The pandemic began to ease but there was significant community support for remote witnessing via AVL to continue with appropriate safeguards. The remote witnessing option would be available in addition to the traditional in person meeting to have documents signed and witnessed.

In NSW, the Electronic Transactions Amendment (Remote Witnessing) Act 2021 amended the Electronic Transaction Act 2000 to permit ongoing remote signing and witnessing via AVL as an option.

A recent Victorian case highlights the importance of correctly following the remote witnessing law. Failure to do so could lead to an inheritance dispute and result in unnecessary additional legal costs. The principles behind the Victorian law are similar to the principles behind the NSW law – remote witnessing with appropriate safeguards.

The Victorian case is Re Curtis [2022] VSC 621. It is a helpful case that clearly states the strict remote signing and witnessing requirements. In that case, the Will was not executed in accordance with the remote signing and witnessing procedure. However, Justice McMillan admitted the Will to probate as an informal will, as that was considered to be in the best interests of the estate.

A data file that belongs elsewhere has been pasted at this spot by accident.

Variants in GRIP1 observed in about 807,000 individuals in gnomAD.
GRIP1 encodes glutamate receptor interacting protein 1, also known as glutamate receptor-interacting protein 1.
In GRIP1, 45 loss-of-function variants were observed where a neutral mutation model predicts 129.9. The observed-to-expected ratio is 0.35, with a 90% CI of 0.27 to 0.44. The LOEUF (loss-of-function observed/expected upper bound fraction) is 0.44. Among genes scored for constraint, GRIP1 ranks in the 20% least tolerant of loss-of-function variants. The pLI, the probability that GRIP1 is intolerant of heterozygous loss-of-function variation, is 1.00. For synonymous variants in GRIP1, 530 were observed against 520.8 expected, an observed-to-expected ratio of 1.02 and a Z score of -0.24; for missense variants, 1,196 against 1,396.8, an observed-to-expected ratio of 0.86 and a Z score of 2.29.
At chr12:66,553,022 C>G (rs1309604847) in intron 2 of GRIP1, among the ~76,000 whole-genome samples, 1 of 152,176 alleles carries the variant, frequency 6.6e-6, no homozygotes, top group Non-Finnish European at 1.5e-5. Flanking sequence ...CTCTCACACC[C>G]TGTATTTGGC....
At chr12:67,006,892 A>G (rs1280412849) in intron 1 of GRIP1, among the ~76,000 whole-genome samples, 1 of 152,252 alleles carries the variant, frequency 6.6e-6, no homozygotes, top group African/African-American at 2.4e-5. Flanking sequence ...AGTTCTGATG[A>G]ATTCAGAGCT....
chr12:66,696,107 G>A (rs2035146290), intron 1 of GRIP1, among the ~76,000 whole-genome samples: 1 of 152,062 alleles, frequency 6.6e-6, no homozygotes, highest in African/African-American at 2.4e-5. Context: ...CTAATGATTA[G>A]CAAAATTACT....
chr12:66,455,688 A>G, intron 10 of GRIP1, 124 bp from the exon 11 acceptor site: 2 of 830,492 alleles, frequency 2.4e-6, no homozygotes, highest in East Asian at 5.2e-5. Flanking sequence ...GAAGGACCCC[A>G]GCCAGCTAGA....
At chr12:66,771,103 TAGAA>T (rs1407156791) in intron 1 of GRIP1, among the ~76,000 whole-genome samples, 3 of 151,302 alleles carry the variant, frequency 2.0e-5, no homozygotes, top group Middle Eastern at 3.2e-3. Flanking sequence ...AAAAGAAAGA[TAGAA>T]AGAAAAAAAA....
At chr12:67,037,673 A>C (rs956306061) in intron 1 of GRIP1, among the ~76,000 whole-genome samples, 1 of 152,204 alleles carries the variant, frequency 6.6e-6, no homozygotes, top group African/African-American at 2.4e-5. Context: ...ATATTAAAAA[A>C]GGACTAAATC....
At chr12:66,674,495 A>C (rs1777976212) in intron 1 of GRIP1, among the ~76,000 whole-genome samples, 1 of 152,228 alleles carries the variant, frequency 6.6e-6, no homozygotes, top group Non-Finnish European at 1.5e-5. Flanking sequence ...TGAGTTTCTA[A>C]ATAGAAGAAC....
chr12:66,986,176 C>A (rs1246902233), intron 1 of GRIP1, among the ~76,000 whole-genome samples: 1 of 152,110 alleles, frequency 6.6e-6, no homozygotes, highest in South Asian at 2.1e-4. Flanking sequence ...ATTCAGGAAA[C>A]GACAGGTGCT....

The Victorian case also raised the benefits, provided all participants consent, to the making of an audio-visual recording of the remote signing and witnessing. The benefits including having other available evidence to support the probate application.

  1. Will interpretation inheritance dispute

One cannot underestimate the precision required for writing a Will. The use of the wrong word, the wrong tense or errors in the ownership or control of assets can lead to costly inheritance disputes about the proper interpretation (construction) of the Will.

A recent Will interpretation case dispute was Middleton v Schofield [2022] NSWSC 1454.  Justice Robb delivered his judgment in this case on 27 October 2022.

The executor named in the deceased’s last Will was the deceased’s accountant and financial advisor. The Will was dated 30 August 2018. The date of death was 3 March 2020. Probate was granted to the executor on 6 May 2022.

The Will interpretation legal proceedings were commenced on 8 December 2020. The first practical point to note is the delay to the administration of an estate by a Will interpretation inheritance dispute – the Court hearing took place between 11-13 April 2022 and the Court judgment was handed down about 2 years and 8 months after the date of death.